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Monday, July 16, 2018

Where traffic cops are armed with a cool head & sweet tongue

An ice-cool head and a sweet tongue is new motto at the Mumbai Police traffic training institute.

Written by Megha Sood | Published: April 8, 2013 2:31:02 am

‘SAR pe baraf aur mooh mein shakkar’ (An ice-cool head and a sweet tongue) is the new motto at the Mumbai Police traffic training institute,Byculla,where recruits are taught to handle errant motorists with tact and guile rather than force.

Assistant police inspector (Traffic) Sachin Suryavanshi’s alleged high-handedness with MLA Kshitij Thakur over a traffic violation on Bandra-Worli Sea Link snowballed into a major controversy recently. Police and politicians were at loggerheads after Thakur and other MLAs assaulted the police officer at Vidhan Bhawan.

The recruits are trained to stay calm and are advised to show restraint in dealing with motorists violating norms. A study of human behaviour is part of the curriculum at the facility.

Trainees at the institute say they prefer not to carry weapons. “We do not need guns or batons. Drivers are not criminals and with our skill and training,we will be able to manage,” the class of 75 students said in unison.

They were attending a lecture by Deputy Commissioner of Police (Traffic) Sanjay Naringrekar. Sitting in the front row were seven women constables,taking notes and listening intently. Seated behind them were their male colleagues,including those who have been transferred to the traffic department from local police stations.

The institute,which has trained over 1,641 personnel since it became operational last year,is set to increase its batch strength from 75 to at least 150. Traffic police personnel say that lately they have been getting training requests from other parts of the country,too.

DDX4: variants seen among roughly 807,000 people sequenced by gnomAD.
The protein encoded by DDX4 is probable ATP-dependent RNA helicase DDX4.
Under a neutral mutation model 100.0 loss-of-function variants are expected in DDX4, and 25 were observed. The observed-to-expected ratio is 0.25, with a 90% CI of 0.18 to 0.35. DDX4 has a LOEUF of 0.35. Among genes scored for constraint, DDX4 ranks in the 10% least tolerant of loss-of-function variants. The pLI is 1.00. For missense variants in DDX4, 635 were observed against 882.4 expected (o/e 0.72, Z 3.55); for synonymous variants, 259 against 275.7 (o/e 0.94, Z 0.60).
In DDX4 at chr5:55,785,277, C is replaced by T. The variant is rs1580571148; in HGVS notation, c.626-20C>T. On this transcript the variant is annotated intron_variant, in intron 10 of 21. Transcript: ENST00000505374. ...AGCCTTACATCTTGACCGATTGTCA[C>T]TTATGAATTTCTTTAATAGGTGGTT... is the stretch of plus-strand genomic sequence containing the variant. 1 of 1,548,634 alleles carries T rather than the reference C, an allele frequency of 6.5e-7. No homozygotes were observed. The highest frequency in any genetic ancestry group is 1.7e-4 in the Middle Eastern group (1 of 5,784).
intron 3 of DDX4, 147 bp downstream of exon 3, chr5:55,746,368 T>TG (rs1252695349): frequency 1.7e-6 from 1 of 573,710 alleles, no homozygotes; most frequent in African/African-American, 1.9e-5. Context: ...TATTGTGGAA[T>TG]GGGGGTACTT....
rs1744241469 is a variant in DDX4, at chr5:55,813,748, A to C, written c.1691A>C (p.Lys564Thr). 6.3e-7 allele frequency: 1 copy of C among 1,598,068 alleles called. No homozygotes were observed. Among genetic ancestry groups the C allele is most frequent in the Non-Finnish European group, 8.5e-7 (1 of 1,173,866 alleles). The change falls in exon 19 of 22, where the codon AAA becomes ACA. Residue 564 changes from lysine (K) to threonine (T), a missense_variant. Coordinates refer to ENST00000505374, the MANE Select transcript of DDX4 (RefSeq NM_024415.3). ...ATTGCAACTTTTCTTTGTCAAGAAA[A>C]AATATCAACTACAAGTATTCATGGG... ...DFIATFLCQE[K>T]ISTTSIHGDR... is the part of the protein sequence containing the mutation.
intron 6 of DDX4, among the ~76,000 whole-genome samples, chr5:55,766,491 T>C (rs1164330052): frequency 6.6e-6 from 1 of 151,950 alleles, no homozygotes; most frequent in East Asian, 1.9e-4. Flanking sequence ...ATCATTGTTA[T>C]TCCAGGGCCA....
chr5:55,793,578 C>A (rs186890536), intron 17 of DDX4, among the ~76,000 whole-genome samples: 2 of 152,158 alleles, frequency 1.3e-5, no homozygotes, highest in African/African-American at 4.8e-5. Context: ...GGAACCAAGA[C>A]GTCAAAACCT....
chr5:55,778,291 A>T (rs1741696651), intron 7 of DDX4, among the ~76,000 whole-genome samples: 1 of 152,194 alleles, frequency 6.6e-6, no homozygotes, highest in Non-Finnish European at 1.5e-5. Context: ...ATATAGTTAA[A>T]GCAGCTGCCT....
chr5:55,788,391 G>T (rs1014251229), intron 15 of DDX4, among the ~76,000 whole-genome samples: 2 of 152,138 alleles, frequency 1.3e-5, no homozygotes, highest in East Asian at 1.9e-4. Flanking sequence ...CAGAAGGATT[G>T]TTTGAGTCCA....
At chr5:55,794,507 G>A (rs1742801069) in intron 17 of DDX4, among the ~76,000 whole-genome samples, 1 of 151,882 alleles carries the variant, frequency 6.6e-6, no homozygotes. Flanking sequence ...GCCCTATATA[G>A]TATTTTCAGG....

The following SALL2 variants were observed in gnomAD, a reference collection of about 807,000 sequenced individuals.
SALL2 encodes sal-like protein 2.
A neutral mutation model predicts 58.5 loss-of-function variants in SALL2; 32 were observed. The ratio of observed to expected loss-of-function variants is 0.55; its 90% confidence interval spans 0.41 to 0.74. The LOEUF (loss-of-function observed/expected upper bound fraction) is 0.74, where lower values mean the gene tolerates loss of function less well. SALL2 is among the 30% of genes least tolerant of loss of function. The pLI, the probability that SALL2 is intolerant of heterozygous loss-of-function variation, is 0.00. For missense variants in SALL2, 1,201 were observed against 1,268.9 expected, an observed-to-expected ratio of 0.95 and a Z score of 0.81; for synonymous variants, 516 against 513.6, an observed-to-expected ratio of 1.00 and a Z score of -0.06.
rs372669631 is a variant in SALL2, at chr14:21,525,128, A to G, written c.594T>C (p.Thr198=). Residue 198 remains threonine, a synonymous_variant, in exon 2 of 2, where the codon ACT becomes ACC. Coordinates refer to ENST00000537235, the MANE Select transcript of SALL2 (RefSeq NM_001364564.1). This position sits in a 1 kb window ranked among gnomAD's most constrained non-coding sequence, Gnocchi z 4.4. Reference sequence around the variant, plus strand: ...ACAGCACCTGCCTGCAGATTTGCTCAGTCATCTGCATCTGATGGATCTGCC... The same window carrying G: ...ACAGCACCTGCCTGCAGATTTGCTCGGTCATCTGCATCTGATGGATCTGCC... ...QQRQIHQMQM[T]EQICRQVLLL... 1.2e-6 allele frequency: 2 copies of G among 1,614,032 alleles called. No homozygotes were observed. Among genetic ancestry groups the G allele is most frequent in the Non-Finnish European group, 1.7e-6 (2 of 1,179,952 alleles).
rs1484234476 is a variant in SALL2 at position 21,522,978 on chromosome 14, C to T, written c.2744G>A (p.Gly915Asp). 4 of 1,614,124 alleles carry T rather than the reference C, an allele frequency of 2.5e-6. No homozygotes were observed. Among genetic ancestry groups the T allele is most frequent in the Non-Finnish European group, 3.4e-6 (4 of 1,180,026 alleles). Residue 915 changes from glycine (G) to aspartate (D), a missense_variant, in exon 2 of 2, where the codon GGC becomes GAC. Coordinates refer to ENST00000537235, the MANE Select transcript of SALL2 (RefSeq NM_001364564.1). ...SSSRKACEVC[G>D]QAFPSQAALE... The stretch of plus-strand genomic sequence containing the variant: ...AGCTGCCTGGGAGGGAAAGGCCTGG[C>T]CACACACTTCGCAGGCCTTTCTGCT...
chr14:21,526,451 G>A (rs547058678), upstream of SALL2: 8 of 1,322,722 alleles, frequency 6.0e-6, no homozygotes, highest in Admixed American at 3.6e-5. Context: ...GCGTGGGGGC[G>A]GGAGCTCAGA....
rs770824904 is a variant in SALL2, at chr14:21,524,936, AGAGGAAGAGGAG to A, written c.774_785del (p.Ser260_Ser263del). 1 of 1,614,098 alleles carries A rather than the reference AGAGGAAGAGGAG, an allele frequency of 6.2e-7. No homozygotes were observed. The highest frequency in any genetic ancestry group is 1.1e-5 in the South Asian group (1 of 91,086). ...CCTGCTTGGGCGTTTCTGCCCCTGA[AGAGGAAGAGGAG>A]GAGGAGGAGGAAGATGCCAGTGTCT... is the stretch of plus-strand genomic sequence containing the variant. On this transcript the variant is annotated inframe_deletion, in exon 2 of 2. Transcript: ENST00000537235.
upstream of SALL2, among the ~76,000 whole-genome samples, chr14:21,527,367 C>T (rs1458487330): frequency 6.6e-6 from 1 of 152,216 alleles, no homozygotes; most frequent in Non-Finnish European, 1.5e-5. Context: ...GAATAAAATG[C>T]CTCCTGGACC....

The 75 students include 50 from Mumbai,while the remaining are from other parts of Maharashtra as well as other states.

“During the 10-day course,the recruits are trained in various subjects,including human behaviour,as dealing with drivers is the most vital part of being a traffic cop,” said Additional Commissioner of Police (Traffic) Brijesh Singh.

The course also includes on-road training during which recruits are taught to manage traffic in peak hours.

“Bubble formation,wherein traffic is released in small groups,and VIP movements are the major aspects taught to the recruits,” said Naringrekar.

The students are also taken to the traffic police control room and taught how to monitor footage from CCTV cameras and how to use equipment such as breathalysers and speed guns. They are also taught the importance of accident investigation,causes of accidents and their legal responsibilities.

“We train them in coordination at the site of an accident,fire prevention and control,traffic and crowd control and providing aid to those injured.

“There is also theft prevention,removing damaged vehicles,ascertaining facts,questioning drivers,victims and witnesses,as well as an assessment of road and weather conditions,the condition of a vehicle and driver and pedestrian conditions. They are also trained to pick up clues that are especially useful in hit-and-run investigations. What a close look at the road can reveal is also a major part of their training,” said Naringrekar.

Officials said of the 1,641 constables trained till date,243 were women from state police.

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